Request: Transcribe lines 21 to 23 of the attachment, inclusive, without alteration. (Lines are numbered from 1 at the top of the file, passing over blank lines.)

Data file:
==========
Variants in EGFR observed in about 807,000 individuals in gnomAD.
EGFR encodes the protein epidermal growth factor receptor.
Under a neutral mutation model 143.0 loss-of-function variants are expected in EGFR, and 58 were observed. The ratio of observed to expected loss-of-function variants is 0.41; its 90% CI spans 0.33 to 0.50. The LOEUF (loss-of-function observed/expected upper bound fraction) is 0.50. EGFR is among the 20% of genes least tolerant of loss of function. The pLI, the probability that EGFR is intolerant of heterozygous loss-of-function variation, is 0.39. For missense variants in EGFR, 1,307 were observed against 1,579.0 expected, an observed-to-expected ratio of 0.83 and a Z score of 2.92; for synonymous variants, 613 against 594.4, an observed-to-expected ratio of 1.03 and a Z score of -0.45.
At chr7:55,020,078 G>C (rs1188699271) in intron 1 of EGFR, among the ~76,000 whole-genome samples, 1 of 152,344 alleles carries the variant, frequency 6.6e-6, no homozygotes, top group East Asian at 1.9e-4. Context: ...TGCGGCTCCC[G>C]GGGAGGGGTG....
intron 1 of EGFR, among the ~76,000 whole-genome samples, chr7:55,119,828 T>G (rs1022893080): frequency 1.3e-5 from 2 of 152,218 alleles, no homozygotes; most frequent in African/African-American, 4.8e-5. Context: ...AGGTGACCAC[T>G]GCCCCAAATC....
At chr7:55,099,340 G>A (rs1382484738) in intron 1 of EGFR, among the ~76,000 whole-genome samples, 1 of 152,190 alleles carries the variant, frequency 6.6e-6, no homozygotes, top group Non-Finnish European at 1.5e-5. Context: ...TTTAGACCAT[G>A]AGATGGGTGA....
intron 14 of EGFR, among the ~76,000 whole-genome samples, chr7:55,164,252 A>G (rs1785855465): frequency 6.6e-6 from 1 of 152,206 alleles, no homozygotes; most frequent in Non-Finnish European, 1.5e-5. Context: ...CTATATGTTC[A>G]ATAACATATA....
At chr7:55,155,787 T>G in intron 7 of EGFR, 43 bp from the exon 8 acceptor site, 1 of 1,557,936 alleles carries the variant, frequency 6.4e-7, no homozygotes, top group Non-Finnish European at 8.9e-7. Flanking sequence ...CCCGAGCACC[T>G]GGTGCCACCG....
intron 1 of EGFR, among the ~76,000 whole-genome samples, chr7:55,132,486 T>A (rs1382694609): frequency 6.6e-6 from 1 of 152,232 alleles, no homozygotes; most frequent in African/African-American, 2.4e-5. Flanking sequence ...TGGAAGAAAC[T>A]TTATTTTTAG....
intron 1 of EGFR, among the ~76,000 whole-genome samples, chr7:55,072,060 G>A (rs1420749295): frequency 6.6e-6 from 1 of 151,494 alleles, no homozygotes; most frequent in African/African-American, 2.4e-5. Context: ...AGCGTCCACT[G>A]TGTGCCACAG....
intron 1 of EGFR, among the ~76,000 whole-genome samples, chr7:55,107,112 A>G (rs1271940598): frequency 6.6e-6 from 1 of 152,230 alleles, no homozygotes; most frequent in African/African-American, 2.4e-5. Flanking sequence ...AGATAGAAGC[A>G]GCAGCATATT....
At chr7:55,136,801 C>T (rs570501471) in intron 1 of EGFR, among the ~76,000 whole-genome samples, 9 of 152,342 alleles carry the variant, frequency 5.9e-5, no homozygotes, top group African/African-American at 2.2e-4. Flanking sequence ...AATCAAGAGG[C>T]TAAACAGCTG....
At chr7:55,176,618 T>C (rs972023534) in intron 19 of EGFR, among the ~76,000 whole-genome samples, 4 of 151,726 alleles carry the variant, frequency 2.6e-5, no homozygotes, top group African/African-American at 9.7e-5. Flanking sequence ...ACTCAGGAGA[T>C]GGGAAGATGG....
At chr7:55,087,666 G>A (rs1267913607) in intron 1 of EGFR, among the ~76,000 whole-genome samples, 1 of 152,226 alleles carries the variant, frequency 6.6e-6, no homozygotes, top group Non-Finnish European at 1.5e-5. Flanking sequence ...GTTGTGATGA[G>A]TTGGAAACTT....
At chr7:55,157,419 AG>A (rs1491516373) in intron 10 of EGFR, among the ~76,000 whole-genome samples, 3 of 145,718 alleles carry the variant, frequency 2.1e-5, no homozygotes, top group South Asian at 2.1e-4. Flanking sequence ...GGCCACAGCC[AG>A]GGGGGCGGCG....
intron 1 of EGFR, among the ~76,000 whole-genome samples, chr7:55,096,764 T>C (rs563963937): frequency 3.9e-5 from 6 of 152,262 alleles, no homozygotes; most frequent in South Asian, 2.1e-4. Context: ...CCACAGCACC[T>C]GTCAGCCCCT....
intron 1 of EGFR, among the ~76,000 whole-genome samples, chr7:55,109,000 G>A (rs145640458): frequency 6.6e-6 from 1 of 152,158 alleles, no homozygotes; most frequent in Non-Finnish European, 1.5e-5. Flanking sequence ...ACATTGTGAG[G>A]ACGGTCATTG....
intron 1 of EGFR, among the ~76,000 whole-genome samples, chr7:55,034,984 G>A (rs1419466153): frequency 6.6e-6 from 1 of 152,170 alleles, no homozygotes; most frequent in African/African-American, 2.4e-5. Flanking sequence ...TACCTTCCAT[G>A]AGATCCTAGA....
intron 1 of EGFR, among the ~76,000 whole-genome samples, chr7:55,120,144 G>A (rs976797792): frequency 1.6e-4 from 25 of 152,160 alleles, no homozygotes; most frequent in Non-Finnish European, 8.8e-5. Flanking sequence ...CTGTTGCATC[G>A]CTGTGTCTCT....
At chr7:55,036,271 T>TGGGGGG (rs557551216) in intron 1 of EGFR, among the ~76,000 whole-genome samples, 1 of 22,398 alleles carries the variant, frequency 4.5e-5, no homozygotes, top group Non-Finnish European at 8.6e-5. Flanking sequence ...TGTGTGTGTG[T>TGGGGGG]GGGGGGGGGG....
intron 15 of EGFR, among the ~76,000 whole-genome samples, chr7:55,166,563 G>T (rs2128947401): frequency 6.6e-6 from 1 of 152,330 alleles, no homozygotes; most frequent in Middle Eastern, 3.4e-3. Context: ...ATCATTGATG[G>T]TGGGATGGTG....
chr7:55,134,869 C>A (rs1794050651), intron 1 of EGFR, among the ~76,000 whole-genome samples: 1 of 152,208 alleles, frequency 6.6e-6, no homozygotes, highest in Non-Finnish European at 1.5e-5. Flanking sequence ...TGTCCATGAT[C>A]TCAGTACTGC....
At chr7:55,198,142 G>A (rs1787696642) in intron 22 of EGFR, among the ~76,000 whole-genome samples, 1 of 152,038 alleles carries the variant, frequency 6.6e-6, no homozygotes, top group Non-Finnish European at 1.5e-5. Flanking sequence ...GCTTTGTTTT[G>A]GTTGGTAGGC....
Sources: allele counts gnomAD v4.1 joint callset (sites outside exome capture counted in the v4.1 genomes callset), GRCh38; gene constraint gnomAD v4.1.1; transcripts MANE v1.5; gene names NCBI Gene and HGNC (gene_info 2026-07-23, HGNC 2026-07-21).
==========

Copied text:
intron 15 of EGFR, among the ~76,000 whole-genome samples, chr7:55,166,563 G>T (rs2128947401): frequency 6.6e-6 from 1 of 152,330 alleles, no homozygotes; most frequent in Middle Eastern, 3.4e-3. Context: ...ATCATTGATG[G>T]TGGGATGGTG....
chr7:55,134,869 C>A (rs1794050651), intron 1 of EGFR, among the ~76,000 whole-genome samples: 1 of 152,208 alleles, frequency 6.6e-6, no homozygotes, highest in Non-Finnish European at 1.5e-5. Flanking sequence ...TGTCCATGAT[C>A]TCAGTACTGC....
At chr7:55,198,142 G>A (rs1787696642) in intron 22 of EGFR, among the ~76,000 whole-genome samples, 1 of 152,038 alleles carries the variant, frequency 6.6e-6, no homozygotes, top group Non-Finnish European at 1.5e-5. Flanking sequence ...GCTTTGTTTT[G>A]GTTGGTAGGC....